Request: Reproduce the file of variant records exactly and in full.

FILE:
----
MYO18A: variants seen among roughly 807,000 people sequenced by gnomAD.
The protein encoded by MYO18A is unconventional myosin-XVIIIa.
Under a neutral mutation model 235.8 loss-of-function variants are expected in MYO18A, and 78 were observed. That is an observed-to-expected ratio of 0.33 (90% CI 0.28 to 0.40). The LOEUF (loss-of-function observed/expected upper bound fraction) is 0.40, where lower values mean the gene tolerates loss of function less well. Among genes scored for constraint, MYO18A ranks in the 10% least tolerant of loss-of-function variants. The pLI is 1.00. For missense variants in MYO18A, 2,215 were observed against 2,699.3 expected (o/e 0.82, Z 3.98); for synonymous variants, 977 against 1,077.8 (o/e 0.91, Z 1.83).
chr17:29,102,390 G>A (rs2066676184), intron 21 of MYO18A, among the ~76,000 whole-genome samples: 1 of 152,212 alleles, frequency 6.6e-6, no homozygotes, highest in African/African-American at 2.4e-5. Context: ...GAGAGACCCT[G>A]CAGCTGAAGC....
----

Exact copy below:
MYO18A: variants seen among roughly 807,000 people sequenced by gnomAD.
The protein encoded by MYO18A is unconventional myosin-XVIIIa.
Under a neutral mutation model 235.8 loss-of-function variants are expected in MYO18A, and 78 were observed. That is an observed-to-expected ratio of 0.33 (90% CI 0.28 to 0.40). The LOEUF (loss-of-function observed/expected upper bound fraction) is 0.40, where lower values mean the gene tolerates loss of function less well. Among genes scored for constraint, MYO18A ranks in the 10% least tolerant of loss-of-function variants. The pLI is 1.00. For missense variants in MYO18A, 2,215 were observed against 2,699.3 expected (o/e 0.82, Z 3.98); for synonymous variants, 977 against 1,077.8 (o/e 0.91, Z 1.83).
chr17:29,102,390 G>A (rs2066676184), intron 21 of MYO18A, among the ~76,000 whole-genome samples: 1 of 152,212 alleles, frequency 6.6e-6, no homozygotes, highest in African/African-American at 2.4e-5. Context: ...GAGAGACCCT[G>A]CAGCTGAAGC....